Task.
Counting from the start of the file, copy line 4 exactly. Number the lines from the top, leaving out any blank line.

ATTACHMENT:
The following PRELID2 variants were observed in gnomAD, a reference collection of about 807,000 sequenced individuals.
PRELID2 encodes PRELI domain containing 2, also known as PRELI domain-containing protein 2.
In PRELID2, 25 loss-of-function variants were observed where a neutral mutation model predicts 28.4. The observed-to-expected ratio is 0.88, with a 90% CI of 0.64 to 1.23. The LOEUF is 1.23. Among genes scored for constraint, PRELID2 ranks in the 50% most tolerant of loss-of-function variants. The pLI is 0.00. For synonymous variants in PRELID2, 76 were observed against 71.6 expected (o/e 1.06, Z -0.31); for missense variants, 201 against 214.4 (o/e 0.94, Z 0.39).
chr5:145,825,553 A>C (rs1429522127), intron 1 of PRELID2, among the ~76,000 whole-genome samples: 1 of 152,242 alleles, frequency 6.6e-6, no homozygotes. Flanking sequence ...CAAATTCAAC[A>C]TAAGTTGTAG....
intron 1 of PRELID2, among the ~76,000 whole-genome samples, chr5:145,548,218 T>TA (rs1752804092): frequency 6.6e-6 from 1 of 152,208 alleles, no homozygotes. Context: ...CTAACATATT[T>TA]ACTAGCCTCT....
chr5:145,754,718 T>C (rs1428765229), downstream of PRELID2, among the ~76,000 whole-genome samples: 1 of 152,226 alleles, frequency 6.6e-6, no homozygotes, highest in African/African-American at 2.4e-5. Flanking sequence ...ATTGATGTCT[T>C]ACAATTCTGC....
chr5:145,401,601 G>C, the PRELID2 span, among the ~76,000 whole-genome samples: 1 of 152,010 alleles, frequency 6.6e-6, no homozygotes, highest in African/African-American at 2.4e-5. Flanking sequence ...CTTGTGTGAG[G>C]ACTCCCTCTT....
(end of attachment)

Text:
chr5:145,825,553 A>C (rs1429522127), intron 1 of PRELID2, among the ~76,000 whole-genome samples: 1 of 152,242 alleles, frequency 6.6e-6, no homozygotes. Flanking sequence ...CAAATTCAAC[A>C]TAAGTTGTAG....